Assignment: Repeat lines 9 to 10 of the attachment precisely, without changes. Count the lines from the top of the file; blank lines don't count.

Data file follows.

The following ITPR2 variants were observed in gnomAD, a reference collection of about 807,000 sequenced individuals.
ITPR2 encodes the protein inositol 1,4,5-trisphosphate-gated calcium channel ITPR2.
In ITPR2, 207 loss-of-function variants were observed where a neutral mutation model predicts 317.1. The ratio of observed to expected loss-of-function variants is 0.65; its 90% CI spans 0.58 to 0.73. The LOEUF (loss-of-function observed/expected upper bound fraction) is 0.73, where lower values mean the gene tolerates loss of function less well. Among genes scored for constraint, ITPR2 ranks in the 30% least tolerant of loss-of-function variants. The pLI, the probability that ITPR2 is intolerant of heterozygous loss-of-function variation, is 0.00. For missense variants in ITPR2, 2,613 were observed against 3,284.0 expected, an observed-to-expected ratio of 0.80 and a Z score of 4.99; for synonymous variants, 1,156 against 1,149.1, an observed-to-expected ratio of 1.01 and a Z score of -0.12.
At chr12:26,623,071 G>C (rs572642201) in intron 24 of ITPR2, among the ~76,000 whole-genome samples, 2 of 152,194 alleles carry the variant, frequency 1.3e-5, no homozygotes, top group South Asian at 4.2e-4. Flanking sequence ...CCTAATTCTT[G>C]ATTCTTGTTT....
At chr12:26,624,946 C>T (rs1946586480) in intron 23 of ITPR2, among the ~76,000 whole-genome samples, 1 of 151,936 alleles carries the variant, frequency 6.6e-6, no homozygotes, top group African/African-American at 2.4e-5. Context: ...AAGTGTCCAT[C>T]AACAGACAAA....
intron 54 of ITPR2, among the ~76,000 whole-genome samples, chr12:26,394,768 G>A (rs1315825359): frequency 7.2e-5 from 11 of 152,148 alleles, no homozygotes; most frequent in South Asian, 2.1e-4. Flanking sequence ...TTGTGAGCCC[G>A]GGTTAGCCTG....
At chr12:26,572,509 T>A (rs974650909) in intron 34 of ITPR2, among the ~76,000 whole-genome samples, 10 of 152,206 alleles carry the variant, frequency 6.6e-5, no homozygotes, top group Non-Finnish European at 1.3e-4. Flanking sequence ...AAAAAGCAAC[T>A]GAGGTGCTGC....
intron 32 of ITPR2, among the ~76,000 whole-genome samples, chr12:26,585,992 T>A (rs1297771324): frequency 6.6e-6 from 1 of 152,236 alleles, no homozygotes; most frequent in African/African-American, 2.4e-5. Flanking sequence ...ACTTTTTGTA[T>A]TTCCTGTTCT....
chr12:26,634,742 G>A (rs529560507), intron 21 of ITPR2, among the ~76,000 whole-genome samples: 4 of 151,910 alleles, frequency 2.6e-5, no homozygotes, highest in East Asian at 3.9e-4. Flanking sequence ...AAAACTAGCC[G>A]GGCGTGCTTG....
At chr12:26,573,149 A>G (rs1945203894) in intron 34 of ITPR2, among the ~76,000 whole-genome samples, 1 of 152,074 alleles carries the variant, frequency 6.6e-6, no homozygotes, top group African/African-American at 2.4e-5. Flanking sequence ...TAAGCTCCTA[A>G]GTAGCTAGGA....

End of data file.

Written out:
chr12:26,634,742 G>A (rs529560507), intron 21 of ITPR2, among the ~76,000 whole-genome samples: 4 of 151,910 alleles, frequency 2.6e-5, no homozygotes, highest in East Asian at 3.9e-4. Flanking sequence ...AAAACTAGCC[G>A]GGCGTGCTTG....
At chr12:26,573,149 A>G (rs1945203894) in intron 34 of ITPR2, among the ~76,000 whole-genome samples, 1 of 152,074 alleles carries the variant, frequency 6.6e-6, no homozygotes, top group African/African-American at 2.4e-5. Flanking sequence ...TAAGCTCCTA[A>G]GTAGCTAGGA....